Obama Needs His FDR Moment

Last year Christina Romer argued that Fed chairman Ben Bernanke needed a Volcker moment. What she meant is that like Paul Volcker in the early 1980s, Bernanke needs to rise to the occasion and adopt a new monetary regime radical enough to solve the big economic problem of the day. For Paul Volker the problem was ever increasing inflation and the new monetary regime was targeting bank reserves. For Ben Bernanke the problem is an ongoing aggregate demand slump and the new monetary regime would be nominal GDP (NGDP) level targeting. As someone who believes in NGDP level targeting, I too have been hoping the Ben Bernanke will have a Volcker moment. After all, it would not be too much of a stretch for him given his work on Japan. But he has not and therefore continues to keep Fed policy effectively tight as it has been since mid-2008. Fed vice-chairwoman Janet Yellen acknowledges as much. Tim Duy considers this to be maddening monetary policy, Karl Smith views it an utter policy failure, and Ryan Avent is banging his head in frustration over it.

Maybe it is time for us to admit that Bernanke will never have his Volcker moment. He has had many opportunities and whether because of groupthink at the Fed, political power of savers, or a failure by him to read Scott Sumner’s blog, Bernanke cannot seem to find his Volcker moment. It is not clear he ever will. So instead of hoping Bernanke has a Volker moment, maybe we should be hoping for President Obama to have a FDR moment.

The FDR moment occurred in 1933 when FDR took the reigns of monetary policy from an ineffective Fed and sparked a robust recovery in aggregate demand. The Fed had allowed aggregate demand to collapse for three years when FDR responded. He signaled that he wanted the price level to return to its pre-crisis level (i.e. increased expectations of higher nominal spending) and acted upon it by having the Treasury Department devalue the gold content of the dollar. This dramatically increased the monetary base and spurred a sharp increase in aggregate demand.

So how could President Obama have his FDR moment? Like FDR, he should signal his intentions for higher level of nominal spending and follow through on it by having the Treasury Department take take the reigns of monetary policy from the Fed. President Obama could do this by announcing a NGDP level target that would be implemented by the Treasury Department creating large-denomination platinum coins that would be deposited at the Fed and used to fund checks to the public. The Treasury Department would keep making these coins until the the NGDP level target was hit. If NGDP went above the target the Treasury Department would issue bonds to withdraw the excess money.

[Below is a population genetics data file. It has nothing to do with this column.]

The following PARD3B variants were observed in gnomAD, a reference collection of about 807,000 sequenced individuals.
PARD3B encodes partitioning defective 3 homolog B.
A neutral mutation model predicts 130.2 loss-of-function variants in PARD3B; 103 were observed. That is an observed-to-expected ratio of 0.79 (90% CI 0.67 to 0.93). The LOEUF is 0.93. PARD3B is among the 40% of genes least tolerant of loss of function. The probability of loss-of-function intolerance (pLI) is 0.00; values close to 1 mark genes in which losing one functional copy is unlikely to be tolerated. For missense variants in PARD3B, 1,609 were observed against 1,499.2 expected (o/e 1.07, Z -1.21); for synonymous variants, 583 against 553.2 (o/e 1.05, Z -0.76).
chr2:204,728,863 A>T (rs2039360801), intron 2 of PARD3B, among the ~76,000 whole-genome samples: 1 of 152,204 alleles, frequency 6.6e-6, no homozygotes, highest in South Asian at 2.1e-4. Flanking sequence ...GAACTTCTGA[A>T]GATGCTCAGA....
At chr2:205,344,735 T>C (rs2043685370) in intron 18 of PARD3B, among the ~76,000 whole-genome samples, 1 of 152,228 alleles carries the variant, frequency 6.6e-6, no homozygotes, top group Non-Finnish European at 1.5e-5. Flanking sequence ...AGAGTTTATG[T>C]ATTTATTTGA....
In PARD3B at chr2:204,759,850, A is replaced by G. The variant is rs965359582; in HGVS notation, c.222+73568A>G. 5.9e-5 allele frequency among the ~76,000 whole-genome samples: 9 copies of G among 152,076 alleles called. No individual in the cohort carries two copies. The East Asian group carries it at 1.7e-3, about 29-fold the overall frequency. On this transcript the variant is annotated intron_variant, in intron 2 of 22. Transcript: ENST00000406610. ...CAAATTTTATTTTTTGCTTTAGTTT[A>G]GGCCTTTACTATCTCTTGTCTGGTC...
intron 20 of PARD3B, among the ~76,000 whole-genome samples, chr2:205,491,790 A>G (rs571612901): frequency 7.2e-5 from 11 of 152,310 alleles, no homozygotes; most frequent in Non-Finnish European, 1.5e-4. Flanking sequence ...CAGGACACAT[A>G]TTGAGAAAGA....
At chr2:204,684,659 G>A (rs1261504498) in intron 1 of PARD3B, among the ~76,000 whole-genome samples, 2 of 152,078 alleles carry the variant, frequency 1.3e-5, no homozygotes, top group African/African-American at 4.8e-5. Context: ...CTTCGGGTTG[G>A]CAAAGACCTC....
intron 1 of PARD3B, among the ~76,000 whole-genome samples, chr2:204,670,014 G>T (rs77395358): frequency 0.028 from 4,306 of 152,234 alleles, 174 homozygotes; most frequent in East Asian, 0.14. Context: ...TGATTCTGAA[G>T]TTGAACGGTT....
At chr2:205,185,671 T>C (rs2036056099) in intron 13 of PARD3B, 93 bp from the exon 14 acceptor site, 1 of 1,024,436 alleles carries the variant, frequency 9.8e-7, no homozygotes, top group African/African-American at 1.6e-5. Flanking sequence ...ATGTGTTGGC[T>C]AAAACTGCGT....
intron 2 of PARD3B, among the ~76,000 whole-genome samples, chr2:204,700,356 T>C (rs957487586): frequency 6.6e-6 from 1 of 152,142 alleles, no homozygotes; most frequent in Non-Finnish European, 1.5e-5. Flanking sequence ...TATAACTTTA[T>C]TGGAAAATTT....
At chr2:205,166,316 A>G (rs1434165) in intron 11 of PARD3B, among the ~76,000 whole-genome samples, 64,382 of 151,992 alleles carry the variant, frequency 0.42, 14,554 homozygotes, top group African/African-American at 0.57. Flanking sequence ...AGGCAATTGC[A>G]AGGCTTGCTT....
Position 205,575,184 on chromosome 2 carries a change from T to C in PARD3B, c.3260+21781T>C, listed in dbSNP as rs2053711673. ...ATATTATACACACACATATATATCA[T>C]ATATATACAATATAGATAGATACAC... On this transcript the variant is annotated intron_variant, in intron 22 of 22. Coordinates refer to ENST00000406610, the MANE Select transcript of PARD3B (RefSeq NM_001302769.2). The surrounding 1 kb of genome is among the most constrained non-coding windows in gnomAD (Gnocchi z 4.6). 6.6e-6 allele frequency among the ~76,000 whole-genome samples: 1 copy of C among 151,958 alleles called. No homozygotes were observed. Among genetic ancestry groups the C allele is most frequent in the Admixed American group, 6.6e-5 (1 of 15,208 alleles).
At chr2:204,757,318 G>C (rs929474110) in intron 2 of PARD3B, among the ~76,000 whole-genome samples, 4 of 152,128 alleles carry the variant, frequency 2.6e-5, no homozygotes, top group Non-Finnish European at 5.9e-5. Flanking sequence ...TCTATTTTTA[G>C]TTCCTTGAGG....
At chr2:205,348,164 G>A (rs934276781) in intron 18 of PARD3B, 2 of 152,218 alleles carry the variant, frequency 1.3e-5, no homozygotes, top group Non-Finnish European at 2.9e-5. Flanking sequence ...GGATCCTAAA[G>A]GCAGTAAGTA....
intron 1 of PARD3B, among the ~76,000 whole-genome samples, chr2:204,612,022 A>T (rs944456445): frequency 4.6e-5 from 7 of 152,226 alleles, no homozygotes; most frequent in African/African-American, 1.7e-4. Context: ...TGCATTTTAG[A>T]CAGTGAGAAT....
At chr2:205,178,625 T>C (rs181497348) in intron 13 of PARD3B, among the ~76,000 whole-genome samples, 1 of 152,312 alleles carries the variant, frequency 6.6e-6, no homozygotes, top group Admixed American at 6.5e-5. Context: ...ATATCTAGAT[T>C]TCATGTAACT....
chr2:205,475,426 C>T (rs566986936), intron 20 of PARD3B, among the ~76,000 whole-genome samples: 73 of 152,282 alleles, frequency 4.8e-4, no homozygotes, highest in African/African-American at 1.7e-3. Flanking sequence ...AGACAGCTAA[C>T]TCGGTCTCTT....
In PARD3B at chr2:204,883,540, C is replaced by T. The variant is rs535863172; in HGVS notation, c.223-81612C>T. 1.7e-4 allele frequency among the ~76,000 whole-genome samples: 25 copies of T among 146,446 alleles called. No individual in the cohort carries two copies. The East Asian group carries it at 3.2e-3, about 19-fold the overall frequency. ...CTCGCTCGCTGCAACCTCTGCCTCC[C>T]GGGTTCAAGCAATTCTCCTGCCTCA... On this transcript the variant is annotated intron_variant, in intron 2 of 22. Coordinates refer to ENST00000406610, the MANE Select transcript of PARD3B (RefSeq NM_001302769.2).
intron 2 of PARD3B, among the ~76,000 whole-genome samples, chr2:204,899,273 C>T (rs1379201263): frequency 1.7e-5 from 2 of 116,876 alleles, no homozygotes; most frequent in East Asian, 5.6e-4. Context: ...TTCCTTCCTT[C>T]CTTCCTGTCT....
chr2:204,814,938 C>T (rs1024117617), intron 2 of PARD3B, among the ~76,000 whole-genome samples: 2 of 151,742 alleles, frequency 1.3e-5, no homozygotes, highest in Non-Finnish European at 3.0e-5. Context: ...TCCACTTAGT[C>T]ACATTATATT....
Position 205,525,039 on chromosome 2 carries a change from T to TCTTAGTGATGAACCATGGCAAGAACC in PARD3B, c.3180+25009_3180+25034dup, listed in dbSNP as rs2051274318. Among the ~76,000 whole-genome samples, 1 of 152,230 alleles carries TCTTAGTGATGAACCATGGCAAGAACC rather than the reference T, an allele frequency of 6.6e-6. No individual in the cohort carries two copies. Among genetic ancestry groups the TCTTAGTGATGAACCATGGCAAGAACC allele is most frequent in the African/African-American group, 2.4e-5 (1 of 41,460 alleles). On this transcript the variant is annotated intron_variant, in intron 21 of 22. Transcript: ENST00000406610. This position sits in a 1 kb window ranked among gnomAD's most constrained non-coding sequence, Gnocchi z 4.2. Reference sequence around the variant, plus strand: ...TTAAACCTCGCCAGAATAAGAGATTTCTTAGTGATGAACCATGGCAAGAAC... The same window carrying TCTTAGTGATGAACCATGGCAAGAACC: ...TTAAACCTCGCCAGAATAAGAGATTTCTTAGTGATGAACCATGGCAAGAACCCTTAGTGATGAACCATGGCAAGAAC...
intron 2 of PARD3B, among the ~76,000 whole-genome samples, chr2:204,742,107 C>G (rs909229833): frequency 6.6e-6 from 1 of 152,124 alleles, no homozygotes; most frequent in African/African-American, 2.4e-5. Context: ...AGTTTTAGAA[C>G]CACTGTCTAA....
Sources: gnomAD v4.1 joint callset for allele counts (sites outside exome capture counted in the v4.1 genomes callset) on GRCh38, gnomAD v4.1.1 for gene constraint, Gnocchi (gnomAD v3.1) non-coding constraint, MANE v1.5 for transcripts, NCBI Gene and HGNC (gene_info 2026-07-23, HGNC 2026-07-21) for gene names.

Okay, that is a radical idea coming from me. It is a mongrel mix of Market Monetarism and Modern Monetary Realism. It is not my first choice of the Fed adopting a NGDP level target, but it should work. It makes use of expectations management which should minimize the number the actual number of platinum coins needed and if used as a threat it might even cause Bernanke to suddenly discover his Volcker moment.

Disclaimer: This page contains affiliate links. If you choose to make a purchase after clicking a link, we may receive a commission at no additional cost to you. Thank you for your support!

About David Beckworth 240 Articles

Affiliation: Texas State University

David Beckworth is an assistant professor of economics at Texas State University in San Marcos, Texas.

Visit: Macro and Other Market Musings

1 Comment on Obama Needs His FDR Moment

  1. Volcker never had his moment & neither did FDR usurp FED policy.

    Monetary policy objectives should be formulated in terms of desired roc’s in monetary flows (MVt) relative to roc’s in real-gDp (but the FED’s technical staff is incapable of steering real-gDp).

    So, contrary to economic theory, & Nobel laureate, Dr. Milton Friedman, monetary lags are not “long and variable”. The lags for monetary flows (MVt), i.e. the proxies for (1) real-growth, and for (2) inflation indices, are fixed in length (a mathematical constant).

    The upcoming 2 month downswing is almost on top of us. This particular period would make a good case for targeting nominal-gDp. Real-gDp will fall (for 2 months), but inflation will not change much (i.e., it looks like stagflation).

    In order to smooth out the upcoming disruption (change in job creation), the FED should target nominal-gDp in the next 2 months. Any blip in inflation will later be erased (be transitory as Bernanke says), as the FED targets the roc in nominal-gDp — because the constant (time lag), for inflation is longer than the constant (time lag), for real-output.

    Thus the longer-term constant (time lag), for inflation will serve to reduce any short-term injection of liquidity by the FED (an injection accompanied by the resultant short-term increase in inflation’s rate-of-change (roc)).

    This is just because both the longer-term average (roc) for inflation (as well as its historical ratio to real-output), is mathematically lower, than the longer term (roc) in real-gDp (given that real-gDp is allowed to recover & the inflation component of nominal-gDp reverts-to-mean).

    I.e., it extremely unlikely by targeting nominal-gDp — that the (roc) in inflation will grow faster in the longer-run than the (roc) in real-output.

    This process (concept), is more pronounced coming out of a recession. The FED can boost real-gDp (with a larger injection of liquidity), for up to 3 qtrs, & then apply the brakes (dis-inflation). Real-gDp will then increase at a faster (roc) than re-flation does during this period. And later inflation will subside as the FED shifts to a “tighter” (de facto), money policy (nominal-gDp target).

Leave a Reply

Your email address will not be published.


This site uses Akismet to reduce spam. Learn how your comment data is processed.